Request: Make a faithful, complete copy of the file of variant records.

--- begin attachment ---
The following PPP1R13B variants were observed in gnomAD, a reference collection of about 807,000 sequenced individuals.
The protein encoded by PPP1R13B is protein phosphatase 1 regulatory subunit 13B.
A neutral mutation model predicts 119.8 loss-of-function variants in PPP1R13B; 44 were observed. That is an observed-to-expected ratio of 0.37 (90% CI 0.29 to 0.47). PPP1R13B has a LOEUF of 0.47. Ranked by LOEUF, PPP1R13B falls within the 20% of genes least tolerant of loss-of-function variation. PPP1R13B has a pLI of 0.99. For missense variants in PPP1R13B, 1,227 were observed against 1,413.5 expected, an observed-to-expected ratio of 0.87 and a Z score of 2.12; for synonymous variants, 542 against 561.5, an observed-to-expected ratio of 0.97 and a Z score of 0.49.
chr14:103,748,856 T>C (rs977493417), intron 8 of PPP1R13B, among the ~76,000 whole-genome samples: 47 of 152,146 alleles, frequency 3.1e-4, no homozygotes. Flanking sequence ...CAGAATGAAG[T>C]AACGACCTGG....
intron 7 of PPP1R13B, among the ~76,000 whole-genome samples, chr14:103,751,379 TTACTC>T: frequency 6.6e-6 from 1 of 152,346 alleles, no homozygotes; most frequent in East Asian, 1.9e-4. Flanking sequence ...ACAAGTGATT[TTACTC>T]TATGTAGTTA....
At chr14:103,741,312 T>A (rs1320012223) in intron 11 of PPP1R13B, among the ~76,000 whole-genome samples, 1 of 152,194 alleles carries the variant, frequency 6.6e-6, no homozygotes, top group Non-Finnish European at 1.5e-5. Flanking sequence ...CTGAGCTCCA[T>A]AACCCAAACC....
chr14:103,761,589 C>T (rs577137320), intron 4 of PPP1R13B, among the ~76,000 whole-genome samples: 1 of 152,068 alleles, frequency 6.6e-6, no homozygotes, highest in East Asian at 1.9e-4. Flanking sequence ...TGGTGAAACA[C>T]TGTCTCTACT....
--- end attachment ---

The following PPP1R13B variants were observed in gnomAD, a reference collection of about 807,000 sequenced individuals.
The protein encoded by PPP1R13B is protein phosphatase 1 regulatory subunit 13B.
A neutral mutation model predicts 119.8 loss-of-function variants in PPP1R13B; 44 were observed. That is an observed-to-expected ratio of 0.37 (90% CI 0.29 to 0.47). PPP1R13B has a LOEUF of 0.47. Ranked by LOEUF, PPP1R13B falls within the 20% of genes least tolerant of loss-of-function variation. PPP1R13B has a pLI of 0.99. For missense variants in PPP1R13B, 1,227 were observed against 1,413.5 expected, an observed-to-expected ratio of 0.87 and a Z score of 2.12; for synonymous variants, 542 against 561.5, an observed-to-expected ratio of 0.97 and a Z score of 0.49.
chr14:103,748,856 T>C (rs977493417), intron 8 of PPP1R13B, among the ~76,000 whole-genome samples: 47 of 152,146 alleles, frequency 3.1e-4, no homozygotes. Flanking sequence ...CAGAATGAAG[T>C]AACGACCTGG....
intron 7 of PPP1R13B, among the ~76,000 whole-genome samples, chr14:103,751,379 TTACTC>T: frequency 6.6e-6 from 1 of 152,346 alleles, no homozygotes; most frequent in East Asian, 1.9e-4. Flanking sequence ...ACAAGTGATT[TTACTC>T]TATGTAGTTA....
At chr14:103,741,312 T>A (rs1320012223) in intron 11 of PPP1R13B, among the ~76,000 whole-genome samples, 1 of 152,194 alleles carries the variant, frequency 6.6e-6, no homozygotes, top group Non-Finnish European at 1.5e-5. Flanking sequence ...CTGAGCTCCA[T>A]AACCCAAACC....
chr14:103,761,589 C>T (rs577137320), intron 4 of PPP1R13B, among the ~76,000 whole-genome samples: 1 of 152,068 alleles, frequency 6.6e-6, no homozygotes, highest in East Asian at 1.9e-4. Flanking sequence ...TGGTGAAACA[C>T]TGTCTCTACT....